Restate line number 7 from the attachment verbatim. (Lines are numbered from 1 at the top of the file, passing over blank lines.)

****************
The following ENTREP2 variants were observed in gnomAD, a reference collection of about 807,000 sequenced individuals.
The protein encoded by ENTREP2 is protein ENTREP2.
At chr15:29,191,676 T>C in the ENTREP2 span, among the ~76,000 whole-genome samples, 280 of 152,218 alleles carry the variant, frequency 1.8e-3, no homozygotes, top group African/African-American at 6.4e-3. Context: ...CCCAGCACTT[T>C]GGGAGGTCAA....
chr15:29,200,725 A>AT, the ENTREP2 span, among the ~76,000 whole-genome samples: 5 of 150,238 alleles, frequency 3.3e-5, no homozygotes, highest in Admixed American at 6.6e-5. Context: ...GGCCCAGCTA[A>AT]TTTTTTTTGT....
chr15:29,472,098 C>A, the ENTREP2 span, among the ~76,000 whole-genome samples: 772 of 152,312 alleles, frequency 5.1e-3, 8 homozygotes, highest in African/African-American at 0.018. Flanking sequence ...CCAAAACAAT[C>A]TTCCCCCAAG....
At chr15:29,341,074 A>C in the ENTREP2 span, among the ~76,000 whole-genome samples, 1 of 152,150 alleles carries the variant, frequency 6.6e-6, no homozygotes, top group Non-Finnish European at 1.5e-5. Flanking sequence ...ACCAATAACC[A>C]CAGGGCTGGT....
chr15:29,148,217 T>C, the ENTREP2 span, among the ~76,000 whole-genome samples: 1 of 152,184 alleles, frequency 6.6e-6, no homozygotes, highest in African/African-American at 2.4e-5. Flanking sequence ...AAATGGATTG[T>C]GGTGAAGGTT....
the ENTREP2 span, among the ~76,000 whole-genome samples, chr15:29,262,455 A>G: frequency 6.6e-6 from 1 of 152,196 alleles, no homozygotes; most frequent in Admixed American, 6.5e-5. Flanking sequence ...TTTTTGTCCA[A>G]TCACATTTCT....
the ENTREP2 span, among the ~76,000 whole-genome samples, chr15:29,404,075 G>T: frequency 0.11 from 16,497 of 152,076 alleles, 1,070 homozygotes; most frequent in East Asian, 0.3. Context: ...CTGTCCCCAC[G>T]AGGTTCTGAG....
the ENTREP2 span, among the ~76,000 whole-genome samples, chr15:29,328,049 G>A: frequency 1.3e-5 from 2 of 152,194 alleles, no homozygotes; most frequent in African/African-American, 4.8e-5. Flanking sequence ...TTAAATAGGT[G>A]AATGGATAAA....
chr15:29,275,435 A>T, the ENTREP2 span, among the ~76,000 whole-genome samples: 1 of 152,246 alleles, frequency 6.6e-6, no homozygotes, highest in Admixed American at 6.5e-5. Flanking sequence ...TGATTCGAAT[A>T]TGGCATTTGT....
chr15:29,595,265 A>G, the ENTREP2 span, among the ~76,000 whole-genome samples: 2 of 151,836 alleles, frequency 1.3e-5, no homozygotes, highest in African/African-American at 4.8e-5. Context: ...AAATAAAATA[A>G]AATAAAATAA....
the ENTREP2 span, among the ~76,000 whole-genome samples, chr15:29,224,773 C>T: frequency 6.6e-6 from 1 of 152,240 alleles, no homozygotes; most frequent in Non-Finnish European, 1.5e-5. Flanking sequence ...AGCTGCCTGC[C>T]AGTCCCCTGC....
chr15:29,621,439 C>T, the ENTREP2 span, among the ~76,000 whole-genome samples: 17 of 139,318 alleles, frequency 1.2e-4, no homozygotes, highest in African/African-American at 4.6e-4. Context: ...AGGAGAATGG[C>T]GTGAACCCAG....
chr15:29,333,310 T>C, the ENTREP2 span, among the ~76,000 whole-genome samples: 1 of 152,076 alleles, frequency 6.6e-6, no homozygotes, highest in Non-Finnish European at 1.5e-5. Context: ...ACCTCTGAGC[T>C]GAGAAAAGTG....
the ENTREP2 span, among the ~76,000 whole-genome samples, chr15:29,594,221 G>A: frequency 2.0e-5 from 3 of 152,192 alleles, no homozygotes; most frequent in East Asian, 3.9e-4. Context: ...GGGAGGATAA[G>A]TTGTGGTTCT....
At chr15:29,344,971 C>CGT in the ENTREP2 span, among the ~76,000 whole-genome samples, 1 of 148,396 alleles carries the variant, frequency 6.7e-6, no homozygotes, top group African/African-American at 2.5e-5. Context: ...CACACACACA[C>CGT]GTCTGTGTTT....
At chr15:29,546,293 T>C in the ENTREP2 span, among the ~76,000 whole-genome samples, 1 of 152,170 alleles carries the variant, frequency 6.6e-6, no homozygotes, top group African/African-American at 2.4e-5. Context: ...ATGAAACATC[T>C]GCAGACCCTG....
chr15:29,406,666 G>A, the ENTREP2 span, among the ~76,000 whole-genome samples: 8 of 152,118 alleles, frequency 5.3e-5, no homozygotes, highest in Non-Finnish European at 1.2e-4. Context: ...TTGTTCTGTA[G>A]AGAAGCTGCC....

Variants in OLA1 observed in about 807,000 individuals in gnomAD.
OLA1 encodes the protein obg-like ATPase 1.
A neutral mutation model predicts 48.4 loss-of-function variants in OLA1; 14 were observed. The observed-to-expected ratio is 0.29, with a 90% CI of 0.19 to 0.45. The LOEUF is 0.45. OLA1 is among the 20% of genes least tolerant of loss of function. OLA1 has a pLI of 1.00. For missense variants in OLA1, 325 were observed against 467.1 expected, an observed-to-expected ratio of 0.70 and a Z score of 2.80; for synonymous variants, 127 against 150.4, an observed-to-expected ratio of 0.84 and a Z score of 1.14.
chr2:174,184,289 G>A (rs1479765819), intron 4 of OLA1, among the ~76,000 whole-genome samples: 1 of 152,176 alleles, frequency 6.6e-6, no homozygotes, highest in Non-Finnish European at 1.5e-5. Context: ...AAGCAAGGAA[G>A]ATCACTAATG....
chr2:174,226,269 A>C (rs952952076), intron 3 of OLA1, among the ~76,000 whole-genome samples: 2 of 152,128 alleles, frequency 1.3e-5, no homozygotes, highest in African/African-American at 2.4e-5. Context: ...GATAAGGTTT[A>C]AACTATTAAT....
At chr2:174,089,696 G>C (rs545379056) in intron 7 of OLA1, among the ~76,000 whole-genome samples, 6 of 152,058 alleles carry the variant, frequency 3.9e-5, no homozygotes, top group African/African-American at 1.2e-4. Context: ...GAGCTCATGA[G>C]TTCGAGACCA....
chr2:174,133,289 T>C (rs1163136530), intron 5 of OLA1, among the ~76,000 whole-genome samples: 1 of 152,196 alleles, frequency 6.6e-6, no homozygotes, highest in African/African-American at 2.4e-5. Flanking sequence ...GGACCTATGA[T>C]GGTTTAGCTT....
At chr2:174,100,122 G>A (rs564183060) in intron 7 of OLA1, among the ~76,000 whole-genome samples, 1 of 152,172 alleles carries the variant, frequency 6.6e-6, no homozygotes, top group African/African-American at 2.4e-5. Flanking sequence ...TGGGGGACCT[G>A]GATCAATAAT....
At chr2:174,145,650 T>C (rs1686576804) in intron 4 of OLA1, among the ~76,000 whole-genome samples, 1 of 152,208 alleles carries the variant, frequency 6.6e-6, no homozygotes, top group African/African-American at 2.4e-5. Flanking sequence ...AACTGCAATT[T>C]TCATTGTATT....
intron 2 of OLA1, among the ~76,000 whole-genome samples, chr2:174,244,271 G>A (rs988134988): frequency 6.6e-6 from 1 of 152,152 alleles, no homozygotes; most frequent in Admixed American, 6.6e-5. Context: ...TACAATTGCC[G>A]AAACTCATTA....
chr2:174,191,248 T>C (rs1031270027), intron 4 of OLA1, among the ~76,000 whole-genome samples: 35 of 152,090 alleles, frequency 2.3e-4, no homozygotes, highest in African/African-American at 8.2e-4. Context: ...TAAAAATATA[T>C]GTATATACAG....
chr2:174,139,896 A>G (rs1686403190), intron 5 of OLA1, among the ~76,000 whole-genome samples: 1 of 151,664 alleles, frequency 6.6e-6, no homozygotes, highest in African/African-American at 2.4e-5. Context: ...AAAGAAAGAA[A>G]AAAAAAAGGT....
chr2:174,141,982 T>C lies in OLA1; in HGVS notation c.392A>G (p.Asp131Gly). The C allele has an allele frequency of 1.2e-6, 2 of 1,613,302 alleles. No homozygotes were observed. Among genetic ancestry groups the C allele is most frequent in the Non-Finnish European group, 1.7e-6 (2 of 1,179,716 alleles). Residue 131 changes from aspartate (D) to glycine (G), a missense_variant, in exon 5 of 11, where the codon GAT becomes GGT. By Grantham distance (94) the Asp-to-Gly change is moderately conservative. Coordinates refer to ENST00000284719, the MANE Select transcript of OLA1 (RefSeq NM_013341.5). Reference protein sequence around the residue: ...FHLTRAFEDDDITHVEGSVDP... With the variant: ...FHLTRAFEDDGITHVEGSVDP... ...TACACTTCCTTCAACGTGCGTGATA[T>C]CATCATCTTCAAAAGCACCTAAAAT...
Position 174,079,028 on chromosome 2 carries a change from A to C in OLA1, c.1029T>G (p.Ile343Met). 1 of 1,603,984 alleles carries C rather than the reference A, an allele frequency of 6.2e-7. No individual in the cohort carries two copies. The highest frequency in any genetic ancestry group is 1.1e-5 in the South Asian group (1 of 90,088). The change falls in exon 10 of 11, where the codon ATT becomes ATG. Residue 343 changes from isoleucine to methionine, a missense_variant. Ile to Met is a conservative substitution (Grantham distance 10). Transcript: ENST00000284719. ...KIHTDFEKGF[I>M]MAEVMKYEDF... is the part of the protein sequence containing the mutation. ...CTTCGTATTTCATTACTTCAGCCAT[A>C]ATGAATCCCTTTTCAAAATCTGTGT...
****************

chr15:29,148,217 T>C, the ENTREP2 span, among the ~76,000 whole-genome samples: 1 of 152,184 alleles, frequency 6.6e-6, no homozygotes, highest in African/African-American at 2.4e-5. Flanking sequence ...AAATGGATTG[T>C]GGTGAAGGTT....